In order to further prevent the discovery of the identities of the Masked Lords, a group of Magisters named ehe Black Robes were instated as judges and dispensers of the law.[17]
Uktar
The Shadow Thieves were outlawed in Waterdeep.[18]
1276 DR
Lhestyn was born to Baeron and Shilarn.[5]
The city expanded to contain six wards, with the addition of North Ward and Sea Ward.[5][18]
1298 DR
Lhestyn, under the alias of the "Masked Lady", infiltrated the thieves guild of Waterdeep and exposed them throughout the city. The group's members were either killed outright or were chased out of the city.[5][18][19]
1300 DR
Lhestyn and Zelphar Arunsun of Neverwinter, the youngest son of Khelben the Elder, were married.[5][19]
1302 DR
Lhestyn gave birth to Khelben Arunsun the Younger, son of Zelphar and grandson Khelben "Blackstaff".[5][19]
1308 DR
Lord Baeron died of a fever, and his wife Shilarn threw herself onto his funeral pyre.[18][19]
Lhestyn became the Open Lord of Waterdeep.[5][19]
Lhestyn's Palace was constructed over the ruins of an old Chauntean abbey.[5][19]
1311 DR
As an act of favor to the Shadow Thieves, an anonymous lich of the Twisted Rune murdered Zelphar Arunsun by means of an arcane hand of force. The identity of Zelphar's killer would remain unknown to the lords of the city for well over a century.[19]
After the death of his son, Khelben "Blackstaff" returned to Blackstaff Tower to train his grandson as the new Blackstaff. Khelben the Younger assumed lordship over the tower.[19]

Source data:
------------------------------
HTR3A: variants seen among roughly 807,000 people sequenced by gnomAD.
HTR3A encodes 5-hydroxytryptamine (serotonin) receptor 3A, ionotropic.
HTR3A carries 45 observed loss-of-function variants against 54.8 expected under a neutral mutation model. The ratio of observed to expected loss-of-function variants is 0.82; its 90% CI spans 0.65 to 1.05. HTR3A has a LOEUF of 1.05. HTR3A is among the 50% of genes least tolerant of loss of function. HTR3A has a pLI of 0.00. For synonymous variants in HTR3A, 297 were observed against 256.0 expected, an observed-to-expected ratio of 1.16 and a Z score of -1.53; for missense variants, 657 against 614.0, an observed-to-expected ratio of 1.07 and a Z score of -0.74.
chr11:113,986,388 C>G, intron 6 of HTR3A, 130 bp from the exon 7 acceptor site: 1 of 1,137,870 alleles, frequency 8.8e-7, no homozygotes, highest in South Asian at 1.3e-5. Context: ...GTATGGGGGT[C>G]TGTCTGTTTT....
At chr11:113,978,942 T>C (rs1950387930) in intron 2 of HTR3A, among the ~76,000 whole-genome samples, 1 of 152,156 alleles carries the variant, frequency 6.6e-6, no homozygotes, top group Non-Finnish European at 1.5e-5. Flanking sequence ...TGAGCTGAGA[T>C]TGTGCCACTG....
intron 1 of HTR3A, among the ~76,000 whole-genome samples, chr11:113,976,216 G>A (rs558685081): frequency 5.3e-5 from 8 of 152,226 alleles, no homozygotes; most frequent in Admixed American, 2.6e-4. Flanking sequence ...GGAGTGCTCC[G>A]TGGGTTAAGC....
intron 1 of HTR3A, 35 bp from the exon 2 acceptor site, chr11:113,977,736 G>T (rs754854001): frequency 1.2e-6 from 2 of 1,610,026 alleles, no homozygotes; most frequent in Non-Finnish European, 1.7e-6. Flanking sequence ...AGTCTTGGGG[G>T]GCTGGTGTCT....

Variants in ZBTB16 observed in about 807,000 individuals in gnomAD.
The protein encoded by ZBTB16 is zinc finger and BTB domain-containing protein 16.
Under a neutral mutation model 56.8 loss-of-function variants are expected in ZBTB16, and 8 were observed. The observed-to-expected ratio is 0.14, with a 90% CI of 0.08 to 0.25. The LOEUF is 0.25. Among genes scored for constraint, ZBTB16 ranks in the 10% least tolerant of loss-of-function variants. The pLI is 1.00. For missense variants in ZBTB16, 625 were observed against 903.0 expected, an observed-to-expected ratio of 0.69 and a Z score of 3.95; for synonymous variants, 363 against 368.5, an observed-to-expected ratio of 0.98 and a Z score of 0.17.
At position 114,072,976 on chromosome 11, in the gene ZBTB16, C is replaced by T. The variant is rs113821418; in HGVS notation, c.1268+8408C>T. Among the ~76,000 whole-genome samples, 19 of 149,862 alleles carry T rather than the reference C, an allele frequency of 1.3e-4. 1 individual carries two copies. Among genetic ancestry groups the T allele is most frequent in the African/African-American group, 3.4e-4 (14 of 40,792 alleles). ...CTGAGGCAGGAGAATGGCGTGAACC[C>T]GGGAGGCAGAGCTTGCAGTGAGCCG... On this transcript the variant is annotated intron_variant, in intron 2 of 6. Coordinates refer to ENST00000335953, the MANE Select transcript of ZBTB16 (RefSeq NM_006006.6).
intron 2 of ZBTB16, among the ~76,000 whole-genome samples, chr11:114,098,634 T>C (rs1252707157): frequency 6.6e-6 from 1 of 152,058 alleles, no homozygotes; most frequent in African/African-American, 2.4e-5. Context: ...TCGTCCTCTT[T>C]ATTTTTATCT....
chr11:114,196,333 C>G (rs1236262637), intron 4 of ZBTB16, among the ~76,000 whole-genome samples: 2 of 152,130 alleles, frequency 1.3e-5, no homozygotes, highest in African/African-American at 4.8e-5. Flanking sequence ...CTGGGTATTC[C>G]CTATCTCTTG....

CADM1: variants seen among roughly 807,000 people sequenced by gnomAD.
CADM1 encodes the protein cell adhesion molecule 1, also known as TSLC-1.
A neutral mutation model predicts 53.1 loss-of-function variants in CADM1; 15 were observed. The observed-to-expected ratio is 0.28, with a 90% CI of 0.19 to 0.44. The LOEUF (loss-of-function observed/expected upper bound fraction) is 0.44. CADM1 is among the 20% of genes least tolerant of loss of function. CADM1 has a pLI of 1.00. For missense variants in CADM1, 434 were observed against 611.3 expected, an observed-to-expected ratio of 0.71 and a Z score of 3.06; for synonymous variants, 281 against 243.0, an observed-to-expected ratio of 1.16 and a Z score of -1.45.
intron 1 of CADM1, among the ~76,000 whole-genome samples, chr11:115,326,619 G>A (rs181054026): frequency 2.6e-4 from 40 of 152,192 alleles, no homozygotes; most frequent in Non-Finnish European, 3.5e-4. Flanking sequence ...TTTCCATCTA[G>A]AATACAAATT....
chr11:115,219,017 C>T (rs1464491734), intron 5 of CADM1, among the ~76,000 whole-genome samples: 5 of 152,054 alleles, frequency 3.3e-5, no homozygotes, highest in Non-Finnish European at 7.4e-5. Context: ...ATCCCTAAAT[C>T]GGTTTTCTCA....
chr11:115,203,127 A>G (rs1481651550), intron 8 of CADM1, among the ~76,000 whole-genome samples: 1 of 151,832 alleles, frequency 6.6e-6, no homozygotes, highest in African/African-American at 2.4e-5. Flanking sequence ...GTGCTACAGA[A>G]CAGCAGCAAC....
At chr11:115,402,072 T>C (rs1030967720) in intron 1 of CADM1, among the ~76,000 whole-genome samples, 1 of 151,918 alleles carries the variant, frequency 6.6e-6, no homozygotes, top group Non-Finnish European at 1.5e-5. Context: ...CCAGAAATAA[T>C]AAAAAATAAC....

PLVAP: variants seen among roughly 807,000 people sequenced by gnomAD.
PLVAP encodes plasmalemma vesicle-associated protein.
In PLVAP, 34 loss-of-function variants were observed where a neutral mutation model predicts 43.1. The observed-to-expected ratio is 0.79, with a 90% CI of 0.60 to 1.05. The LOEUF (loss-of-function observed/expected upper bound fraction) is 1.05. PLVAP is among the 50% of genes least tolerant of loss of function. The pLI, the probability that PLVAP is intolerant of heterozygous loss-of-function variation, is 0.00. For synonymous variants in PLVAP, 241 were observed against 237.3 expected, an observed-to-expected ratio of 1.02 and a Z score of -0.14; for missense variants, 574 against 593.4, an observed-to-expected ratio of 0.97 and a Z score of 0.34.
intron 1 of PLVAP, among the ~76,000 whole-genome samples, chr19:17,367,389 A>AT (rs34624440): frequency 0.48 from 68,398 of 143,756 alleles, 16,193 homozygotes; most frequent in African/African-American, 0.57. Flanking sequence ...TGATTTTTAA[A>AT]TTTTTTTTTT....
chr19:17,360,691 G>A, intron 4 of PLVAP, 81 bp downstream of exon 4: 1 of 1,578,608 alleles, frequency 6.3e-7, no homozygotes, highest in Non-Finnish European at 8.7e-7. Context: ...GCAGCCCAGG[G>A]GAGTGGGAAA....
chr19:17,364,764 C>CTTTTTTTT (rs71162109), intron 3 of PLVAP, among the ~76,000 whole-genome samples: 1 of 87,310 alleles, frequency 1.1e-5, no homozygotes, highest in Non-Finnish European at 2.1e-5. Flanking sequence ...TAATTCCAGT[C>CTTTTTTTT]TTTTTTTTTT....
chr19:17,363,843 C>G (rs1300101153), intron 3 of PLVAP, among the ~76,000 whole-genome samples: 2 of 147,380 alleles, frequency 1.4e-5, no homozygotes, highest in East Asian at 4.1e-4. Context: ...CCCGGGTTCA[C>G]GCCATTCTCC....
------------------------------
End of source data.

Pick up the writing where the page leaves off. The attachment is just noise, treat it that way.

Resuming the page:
To better protect the Open Lord and their loved ones, the Masked Lord Durnan formed the Red Sashes.[19]
Lhestyn named Piergeiron the Paladinson as her successor to rule Waterdeep as the Open Lord.[5]

Reign of PiergeironEdit

1314 DR
Lady Lhestyn died and Piergeiron took over as Open Lord of Waterdeep.[19]
1321 DR
Khelben the Younger left Waterdeep. Khelben the Elder continued to serve as lord of the tower, under the guise of his grandson.[19]
1345 DR
During the Night of the Temple Fires, religious disorder between the churches of Lathander, Selûne, Shar and Tempus led to the Spires of the Morning and the House of Heroes to be burned to the ground. Both were rebuilt within a year.[18]
1355 DR
Amril Zoar, member of the exiled Zoar family killed two masked lords of the city, Lady Tamaeril Bladesemmer and Lord Resengar the Whitebeard and gravely wounded Lord Piergeiron. After he was caught, he was spared execution by Storm Silverhand and the Harpers.[19]
1356 DR
The Dragonspear Wars break out after patrols of Waterdhavian soldiers were attacked by feinds and goblins from the Open Marches by means of Dragonspear Castle.[19]
The Tome of the Unicorn was stolen from the Green Library,[20] by Shond Tharavin.[citation needed] This led to a Luskanite caravel being sunk by the Nelanther isle of Ruathym.[20]